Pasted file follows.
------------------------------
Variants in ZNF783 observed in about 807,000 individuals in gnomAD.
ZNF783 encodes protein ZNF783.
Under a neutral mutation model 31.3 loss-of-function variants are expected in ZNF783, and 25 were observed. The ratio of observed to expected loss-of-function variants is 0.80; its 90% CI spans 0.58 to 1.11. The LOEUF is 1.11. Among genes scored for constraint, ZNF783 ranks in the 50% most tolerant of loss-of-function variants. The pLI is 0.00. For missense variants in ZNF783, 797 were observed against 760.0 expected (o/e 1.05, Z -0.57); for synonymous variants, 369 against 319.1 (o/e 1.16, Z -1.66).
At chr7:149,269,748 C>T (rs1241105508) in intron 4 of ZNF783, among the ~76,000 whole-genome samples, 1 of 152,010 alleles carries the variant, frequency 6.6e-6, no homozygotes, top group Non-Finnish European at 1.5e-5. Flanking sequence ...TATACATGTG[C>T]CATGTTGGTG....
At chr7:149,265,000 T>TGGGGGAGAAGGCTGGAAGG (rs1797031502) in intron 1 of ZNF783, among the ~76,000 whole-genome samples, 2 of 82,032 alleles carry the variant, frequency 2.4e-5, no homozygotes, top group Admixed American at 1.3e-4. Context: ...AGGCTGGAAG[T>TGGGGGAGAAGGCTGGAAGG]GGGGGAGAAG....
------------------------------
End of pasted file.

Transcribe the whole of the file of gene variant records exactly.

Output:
Variants in ZNF783 observed in about 807,000 individuals in gnomAD.
ZNF783 encodes protein ZNF783.
Under a neutral mutation model 31.3 loss-of-function variants are expected in ZNF783, and 25 were observed. The ratio of observed to expected loss-of-function variants is 0.80; its 90% CI spans 0.58 to 1.11. The LOEUF is 1.11. Among genes scored for constraint, ZNF783 ranks in the 50% most tolerant of loss-of-function variants. The pLI is 0.00. For missense variants in ZNF783, 797 were observed against 760.0 expected (o/e 1.05, Z -0.57); for synonymous variants, 369 against 319.1 (o/e 1.16, Z -1.66).
At chr7:149,269,748 C>T (rs1241105508) in intron 4 of ZNF783, among the ~76,000 whole-genome samples, 1 of 152,010 alleles carries the variant, frequency 6.6e-6, no homozygotes, top group Non-Finnish European at 1.5e-5. Flanking sequence ...TATACATGTG[C>T]CATGTTGGTG....
At chr7:149,265,000 T>TGGGGGAGAAGGCTGGAAGG (rs1797031502) in intron 1 of ZNF783, among the ~76,000 whole-genome samples, 2 of 82,032 alleles carry the variant, frequency 2.4e-5, no homozygotes, top group Admixed American at 1.3e-4. Context: ...AGGCTGGAAG[T>TGGGGGAGAAGGCTGGAAGG]GGGGGAGAAG....